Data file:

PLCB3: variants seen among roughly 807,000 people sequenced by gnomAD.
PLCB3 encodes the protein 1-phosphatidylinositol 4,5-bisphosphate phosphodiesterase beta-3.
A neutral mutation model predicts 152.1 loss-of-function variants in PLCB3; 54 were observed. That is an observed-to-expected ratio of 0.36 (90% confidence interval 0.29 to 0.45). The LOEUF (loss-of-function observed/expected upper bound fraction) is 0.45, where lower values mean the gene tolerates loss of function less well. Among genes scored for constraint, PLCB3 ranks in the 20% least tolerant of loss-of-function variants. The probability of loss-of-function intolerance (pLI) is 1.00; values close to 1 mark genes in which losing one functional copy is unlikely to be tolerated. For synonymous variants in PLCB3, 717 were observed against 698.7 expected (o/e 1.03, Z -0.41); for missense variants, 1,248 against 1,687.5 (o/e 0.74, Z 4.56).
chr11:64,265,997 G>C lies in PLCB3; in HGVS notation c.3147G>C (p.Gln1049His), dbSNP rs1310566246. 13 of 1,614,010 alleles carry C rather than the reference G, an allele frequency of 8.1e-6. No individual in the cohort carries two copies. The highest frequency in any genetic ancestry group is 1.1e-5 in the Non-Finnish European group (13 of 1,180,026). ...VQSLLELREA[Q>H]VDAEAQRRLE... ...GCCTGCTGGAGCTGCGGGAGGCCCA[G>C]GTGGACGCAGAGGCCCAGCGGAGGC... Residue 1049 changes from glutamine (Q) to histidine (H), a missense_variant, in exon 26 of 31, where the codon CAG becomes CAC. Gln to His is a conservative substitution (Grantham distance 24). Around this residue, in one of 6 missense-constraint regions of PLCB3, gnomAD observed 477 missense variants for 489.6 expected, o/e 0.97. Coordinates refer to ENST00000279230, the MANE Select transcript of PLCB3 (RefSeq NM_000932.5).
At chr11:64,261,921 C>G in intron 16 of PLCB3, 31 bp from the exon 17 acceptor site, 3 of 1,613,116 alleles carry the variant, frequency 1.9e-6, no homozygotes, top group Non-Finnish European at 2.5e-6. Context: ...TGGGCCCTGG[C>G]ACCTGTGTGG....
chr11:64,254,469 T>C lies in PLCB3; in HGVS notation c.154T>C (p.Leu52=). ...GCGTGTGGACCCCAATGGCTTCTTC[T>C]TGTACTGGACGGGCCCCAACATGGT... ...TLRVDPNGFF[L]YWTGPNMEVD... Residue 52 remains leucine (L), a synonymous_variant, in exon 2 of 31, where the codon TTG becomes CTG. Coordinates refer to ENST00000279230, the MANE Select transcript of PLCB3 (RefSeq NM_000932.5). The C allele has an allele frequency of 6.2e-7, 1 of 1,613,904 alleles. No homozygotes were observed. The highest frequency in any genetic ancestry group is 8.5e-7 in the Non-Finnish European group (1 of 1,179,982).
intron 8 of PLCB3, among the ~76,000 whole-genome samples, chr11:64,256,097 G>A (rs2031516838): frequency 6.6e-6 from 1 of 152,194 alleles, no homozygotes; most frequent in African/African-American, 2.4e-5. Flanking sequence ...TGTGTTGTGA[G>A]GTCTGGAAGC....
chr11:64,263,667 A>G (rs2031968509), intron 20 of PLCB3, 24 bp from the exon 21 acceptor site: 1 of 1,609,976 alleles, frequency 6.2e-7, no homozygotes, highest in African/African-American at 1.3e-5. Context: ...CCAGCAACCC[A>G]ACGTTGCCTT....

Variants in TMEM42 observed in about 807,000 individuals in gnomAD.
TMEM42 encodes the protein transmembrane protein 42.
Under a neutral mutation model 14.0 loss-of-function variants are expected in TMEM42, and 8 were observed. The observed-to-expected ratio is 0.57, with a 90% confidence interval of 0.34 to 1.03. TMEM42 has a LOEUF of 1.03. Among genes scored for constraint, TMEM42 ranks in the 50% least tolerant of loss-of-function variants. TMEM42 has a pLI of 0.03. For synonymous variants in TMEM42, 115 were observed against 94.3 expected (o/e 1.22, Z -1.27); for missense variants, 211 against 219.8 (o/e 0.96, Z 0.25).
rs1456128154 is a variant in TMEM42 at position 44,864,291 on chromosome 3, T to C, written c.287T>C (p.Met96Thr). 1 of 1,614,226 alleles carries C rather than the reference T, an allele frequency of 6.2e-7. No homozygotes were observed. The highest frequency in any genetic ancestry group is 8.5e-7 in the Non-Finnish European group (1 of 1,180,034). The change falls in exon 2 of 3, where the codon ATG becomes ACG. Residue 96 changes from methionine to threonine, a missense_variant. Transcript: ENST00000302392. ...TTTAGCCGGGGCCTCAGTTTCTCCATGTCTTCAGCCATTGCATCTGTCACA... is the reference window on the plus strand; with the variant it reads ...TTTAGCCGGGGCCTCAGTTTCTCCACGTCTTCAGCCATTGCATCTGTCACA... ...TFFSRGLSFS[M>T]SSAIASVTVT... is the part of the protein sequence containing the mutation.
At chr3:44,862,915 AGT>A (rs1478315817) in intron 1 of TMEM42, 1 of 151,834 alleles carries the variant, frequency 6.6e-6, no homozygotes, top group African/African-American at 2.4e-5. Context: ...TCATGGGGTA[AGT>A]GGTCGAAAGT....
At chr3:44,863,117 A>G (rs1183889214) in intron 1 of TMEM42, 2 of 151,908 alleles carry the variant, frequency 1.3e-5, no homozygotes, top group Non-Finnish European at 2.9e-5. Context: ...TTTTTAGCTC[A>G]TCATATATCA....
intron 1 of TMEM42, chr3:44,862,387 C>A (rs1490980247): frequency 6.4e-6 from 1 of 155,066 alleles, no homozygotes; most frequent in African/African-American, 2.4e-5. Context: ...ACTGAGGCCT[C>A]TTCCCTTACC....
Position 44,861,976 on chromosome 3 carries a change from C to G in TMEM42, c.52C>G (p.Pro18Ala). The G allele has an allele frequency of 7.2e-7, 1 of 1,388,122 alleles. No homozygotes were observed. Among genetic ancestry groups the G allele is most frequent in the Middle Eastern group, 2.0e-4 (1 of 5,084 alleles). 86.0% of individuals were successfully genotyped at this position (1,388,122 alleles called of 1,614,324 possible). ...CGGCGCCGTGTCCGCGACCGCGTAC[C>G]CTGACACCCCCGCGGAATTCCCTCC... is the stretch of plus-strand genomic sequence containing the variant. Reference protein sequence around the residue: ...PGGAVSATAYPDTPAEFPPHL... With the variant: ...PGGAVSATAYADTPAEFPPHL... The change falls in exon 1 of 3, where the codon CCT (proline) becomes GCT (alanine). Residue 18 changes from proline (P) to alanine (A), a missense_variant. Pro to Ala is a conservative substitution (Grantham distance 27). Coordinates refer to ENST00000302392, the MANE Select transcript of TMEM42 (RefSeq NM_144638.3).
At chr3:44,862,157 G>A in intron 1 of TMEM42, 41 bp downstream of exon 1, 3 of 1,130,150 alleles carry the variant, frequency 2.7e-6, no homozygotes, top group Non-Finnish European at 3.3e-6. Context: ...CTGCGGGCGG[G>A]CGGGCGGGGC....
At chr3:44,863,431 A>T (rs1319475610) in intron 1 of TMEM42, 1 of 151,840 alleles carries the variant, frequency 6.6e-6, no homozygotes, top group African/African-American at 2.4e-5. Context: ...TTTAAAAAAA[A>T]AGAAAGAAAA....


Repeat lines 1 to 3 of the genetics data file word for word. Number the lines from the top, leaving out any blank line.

PLCB3: variants seen among roughly 807,000 people sequenced by gnomAD.
PLCB3 encodes the protein 1-phosphatidylinositol 4,5-bisphosphate phosphodiesterase beta-3.
A neutral mutation model predicts 152.1 loss-of-function variants in PLCB3; 54 were observed. That is an observed-to-expected ratio of 0.36 (90% confidence interval 0.29 to 0.45). The LOEUF (loss-of-function observed/expected upper bound fraction) is 0.45, where lower values mean the gene tolerates loss of function less well. Among genes scored for constraint, PLCB3 ranks in the 20% least tolerant of loss-of-function variants. The probability of loss-of-function intolerance (pLI) is 1.00; values close to 1 mark genes in which losing one functional copy is unlikely to be tolerated. For synonymous variants in PLCB3, 717 were observed against 698.7 expected (o/e 1.03, Z -0.41); for missense variants, 1,248 against 1,687.5 (o/e 0.74, Z 4.56).